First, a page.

One of the most solid pieces of advice I can give to aspiring graphic novelists who have taken the decision to jump straight into long-form comics is to build up interest in their project by releasing a largely self-contained chapter as the work is in progress. It builds up interest in the potential book, gives them immediate critical feedback and can, on occasion, lead to early publisher interest.
It’s a route that Hong Kong-based artist Jason Li has chosen for his graphic-novel-in-progress The House on Horse Mountain. Taking an early section from that larger work – based on Li’s mother’s childhood in Hong Kong in the 1960s – he’s released it as the one-shot Teacher’s Pet.
The comic’s protagonist Ann is a likeable schoolgirl who is hard-working and responsible, if prone to the odd mishap here and there. Li follows her daily routine, bringing us into the recognisable elements of her days at school – classroom scenes, her positive relationship with her teachers and her role as a student leader – and also capturing life in Hong Kong at the time, including the harsh realities of social conditions like water shortages and their effects.
Teacher’s Pet, then, acts as both slice-of-life coming-of-age story and social account; a project that one suspects is being created as much for a family record as it is for a potential audience. It’s told with touching insight and amusing asides, depicting events from a suitably child’s eye view of reality; one that is still negotiating the strange, arcane rituals of the adult world.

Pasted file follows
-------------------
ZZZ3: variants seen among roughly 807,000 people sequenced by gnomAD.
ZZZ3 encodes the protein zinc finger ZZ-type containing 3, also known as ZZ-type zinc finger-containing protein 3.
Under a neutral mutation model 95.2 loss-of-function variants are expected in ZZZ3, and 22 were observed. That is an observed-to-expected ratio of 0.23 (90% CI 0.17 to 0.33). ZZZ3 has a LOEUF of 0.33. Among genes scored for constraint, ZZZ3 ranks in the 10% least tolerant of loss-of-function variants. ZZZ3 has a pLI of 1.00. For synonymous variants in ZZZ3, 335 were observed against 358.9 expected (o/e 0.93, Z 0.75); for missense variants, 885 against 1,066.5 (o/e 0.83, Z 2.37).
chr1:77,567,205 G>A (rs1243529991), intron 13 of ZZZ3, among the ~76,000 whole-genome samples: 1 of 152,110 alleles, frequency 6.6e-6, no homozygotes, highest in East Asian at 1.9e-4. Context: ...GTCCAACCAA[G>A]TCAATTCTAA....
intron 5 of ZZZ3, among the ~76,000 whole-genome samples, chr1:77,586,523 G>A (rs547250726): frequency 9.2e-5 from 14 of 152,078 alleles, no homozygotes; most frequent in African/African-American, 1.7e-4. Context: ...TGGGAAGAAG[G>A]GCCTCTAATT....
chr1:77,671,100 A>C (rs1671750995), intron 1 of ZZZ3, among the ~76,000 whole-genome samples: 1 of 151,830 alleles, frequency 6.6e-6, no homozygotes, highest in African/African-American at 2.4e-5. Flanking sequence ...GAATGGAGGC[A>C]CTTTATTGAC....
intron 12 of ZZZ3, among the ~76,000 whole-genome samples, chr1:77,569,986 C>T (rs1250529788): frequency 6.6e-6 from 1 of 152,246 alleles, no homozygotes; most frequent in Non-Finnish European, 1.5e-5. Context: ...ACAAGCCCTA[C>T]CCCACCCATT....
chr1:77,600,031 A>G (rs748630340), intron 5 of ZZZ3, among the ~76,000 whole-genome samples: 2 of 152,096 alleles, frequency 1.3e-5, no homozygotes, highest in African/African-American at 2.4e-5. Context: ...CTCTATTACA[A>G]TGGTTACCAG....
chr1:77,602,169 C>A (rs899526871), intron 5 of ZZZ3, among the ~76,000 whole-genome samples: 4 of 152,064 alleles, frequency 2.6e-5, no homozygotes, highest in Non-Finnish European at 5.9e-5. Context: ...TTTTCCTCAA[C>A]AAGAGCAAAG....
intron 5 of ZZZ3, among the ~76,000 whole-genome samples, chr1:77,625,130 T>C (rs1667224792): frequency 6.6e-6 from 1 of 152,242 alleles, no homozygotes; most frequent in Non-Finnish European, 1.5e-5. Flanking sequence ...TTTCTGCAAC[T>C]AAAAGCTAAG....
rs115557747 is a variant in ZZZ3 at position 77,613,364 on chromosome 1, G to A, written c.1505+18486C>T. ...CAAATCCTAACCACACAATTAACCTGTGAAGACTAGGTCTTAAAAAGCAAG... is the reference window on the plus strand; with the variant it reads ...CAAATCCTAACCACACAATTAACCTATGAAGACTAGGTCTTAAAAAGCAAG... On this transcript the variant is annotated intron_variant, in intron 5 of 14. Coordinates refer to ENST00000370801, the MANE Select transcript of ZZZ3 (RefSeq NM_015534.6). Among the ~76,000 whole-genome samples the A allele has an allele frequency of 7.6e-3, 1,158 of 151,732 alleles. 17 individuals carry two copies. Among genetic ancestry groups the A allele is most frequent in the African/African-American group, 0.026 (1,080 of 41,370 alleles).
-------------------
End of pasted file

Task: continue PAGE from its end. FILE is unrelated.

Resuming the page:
It’s impossible not to find the eager willingness of the young Ann endearing and this is in no small part due to Li’s engaging visual characterisation. There is also some clever usage of sound effect lettering to bring the classroom environment to life and transport us fully into the hustle and bustle of the school day. While Li’s page layouts are largely conventional in structure, and perspective and anatomy are sometimes somewhat skewed, his panel-to-panel storytelling is solid and flowing. The stripped back, representational nature of his art also ensures our empathy with the cast.
As an introduction to a larger body of work Teacher’s Pet effectively whets our appetite for what is to come. As an opener it does, perhaps, lose some context in that we’re dropped into the chsracters’ lives with only rudimentary background details but there’s much here to suggest the wider work will be a distinctive piece of recreated comics social history. One to certainly keep an eye on as this project progresses…
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